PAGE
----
Advantages of self-publishing

  • Speed of publication: If you submit your novel to a traditional publisher, it can take six to eighteen months from submission to publication. If you self-publish, you can get your book out and build an audience much more quickly.
  • If you self-publish, you have complete control over price, cover, title, content, and marketing. Every decision is yours—but that’s a double-edged sword, since you’re also responsible for every aspect of producing and selling your book. You have to give up some control with traditional publishing. You won’t have total control about your cover, title, or back cover blurb of your book. The amount of control you have depends on the publisher. At Ylva Publishing, authors can suggest titles for their books, and they have input on the covers and blurbs. They’re involved in most of the decisions regarding their books.
  • Self-published authors retain 30-70% of the list price. Since publishers cover all the costs, authors typically receive lower royalty rates. Right now, the standard royalty rate in traditional publishing houses is twenty-five percent for e-books.
  • If you publish your own books, you won’t get any rejection letters from publishers. Some statistics say that traditional publishing houses accept less than 3% of all submissions. With self-publishing, anyone can do it—and that’s a pro and a con at the same time. There’s no acquiring editor who screens the submissions and weeds out low-quality manuscripts. That’s why some readers are reluctant to buy self-published books. Readers might wonder if the author self-published her book because she kept being rejected by traditional publishers.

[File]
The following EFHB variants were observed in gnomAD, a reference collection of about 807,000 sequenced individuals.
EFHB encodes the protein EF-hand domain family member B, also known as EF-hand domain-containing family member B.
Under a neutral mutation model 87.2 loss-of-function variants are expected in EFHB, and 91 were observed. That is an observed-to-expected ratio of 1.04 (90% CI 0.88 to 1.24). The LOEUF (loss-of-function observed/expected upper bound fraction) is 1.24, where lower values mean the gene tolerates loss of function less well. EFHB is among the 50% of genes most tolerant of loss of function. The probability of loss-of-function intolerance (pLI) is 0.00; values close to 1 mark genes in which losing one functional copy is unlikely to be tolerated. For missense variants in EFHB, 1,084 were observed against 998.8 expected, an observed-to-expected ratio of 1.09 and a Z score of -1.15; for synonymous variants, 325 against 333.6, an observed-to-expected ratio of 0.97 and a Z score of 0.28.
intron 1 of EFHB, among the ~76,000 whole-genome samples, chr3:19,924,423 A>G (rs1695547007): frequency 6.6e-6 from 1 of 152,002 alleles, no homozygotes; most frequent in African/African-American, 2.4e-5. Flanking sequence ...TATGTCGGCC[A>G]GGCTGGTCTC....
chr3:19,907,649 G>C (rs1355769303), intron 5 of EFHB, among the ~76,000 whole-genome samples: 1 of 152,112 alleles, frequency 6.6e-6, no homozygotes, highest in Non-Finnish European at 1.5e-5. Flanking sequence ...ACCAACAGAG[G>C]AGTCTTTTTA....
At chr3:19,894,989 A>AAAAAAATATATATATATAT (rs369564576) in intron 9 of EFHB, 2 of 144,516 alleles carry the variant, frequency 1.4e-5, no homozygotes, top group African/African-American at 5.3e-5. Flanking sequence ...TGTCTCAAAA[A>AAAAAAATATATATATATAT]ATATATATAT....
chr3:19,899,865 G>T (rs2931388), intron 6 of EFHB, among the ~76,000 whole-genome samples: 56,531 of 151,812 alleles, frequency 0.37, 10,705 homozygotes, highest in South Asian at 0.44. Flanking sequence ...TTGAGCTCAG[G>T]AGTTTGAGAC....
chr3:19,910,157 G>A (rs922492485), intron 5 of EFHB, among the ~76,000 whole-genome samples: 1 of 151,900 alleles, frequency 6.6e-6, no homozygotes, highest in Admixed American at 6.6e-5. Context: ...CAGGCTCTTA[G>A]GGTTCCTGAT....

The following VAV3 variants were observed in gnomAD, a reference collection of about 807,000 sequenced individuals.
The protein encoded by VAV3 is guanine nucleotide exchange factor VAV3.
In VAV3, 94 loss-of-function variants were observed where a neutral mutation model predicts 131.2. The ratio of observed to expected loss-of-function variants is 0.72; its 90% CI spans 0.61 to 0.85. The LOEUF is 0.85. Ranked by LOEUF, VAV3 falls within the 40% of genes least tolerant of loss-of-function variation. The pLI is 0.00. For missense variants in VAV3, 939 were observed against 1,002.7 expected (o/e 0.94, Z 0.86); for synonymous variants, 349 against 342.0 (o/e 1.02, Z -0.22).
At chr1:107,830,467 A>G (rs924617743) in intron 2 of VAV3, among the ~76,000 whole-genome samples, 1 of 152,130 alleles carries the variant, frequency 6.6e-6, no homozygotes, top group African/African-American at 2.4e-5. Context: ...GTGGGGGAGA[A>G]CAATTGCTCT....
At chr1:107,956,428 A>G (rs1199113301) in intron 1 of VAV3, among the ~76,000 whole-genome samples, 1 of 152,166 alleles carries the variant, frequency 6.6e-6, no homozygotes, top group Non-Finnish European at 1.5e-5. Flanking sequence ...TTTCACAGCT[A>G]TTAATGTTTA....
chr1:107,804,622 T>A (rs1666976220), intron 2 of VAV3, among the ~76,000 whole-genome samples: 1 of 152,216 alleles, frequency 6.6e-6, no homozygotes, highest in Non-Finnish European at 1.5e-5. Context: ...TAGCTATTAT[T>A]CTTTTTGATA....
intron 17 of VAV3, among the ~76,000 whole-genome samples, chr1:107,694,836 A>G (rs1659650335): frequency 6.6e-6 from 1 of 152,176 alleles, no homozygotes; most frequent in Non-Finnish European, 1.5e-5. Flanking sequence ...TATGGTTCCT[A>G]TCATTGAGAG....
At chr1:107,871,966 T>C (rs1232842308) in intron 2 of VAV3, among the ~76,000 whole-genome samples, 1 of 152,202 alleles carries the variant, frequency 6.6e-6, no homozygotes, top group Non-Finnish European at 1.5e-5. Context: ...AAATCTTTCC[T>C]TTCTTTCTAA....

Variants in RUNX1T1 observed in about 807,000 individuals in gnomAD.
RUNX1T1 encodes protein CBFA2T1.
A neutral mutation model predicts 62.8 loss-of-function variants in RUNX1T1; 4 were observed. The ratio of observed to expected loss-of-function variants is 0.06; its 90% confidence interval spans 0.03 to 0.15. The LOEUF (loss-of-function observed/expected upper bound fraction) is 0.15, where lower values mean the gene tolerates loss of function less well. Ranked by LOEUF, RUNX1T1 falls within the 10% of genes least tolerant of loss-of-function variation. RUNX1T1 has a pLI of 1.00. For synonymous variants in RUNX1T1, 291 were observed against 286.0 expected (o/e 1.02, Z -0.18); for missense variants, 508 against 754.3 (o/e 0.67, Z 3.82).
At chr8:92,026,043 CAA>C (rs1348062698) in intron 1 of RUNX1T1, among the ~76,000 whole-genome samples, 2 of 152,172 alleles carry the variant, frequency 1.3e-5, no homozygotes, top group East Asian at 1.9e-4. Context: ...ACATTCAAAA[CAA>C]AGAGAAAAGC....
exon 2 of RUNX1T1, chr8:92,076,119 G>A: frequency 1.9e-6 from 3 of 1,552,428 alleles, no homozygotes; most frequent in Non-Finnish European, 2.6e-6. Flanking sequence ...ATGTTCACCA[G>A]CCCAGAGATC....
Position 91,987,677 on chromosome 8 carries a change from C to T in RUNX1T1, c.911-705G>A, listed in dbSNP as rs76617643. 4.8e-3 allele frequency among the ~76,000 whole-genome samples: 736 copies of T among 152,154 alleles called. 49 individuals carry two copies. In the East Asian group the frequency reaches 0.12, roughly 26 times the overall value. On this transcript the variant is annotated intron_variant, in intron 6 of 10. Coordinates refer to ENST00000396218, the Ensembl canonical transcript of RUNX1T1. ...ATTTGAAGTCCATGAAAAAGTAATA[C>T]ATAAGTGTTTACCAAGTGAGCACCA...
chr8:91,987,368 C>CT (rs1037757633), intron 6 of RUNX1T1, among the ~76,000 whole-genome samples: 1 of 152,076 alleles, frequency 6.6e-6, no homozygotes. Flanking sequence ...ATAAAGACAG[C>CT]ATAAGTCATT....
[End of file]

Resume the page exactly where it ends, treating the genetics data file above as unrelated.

There’s no right or wrong way to become a published author. Both paths have advantages and disadvantages. In the end, it all comes down to what might be a better fit for you, your goals, and your resources.

If it’s important to you to keep control of every aspect of your book, self-publishing might fit you.

If you see publishing a book as a collaborative process and would like to have others carry part of the workload and costs, leaving you more time to write, a traditional publisher might suit you. Then it’s important to find a publisher you trust to make the right decisions for your book.

Also, keep in mind that the pros and cons vary, depending on the size of the publishing company. Small presses such as Ylva Publishing often have more flexible publishing schedules, and authors are more involved and have more influence over every step of the publishing process.

Well-known literary agent Rachelle Gardner will soon publish her e-book How Do I Decide? Self-Publishing vs. Traditional Publishing. I’m sure the book will have a lot of interesting things to say about the topic too.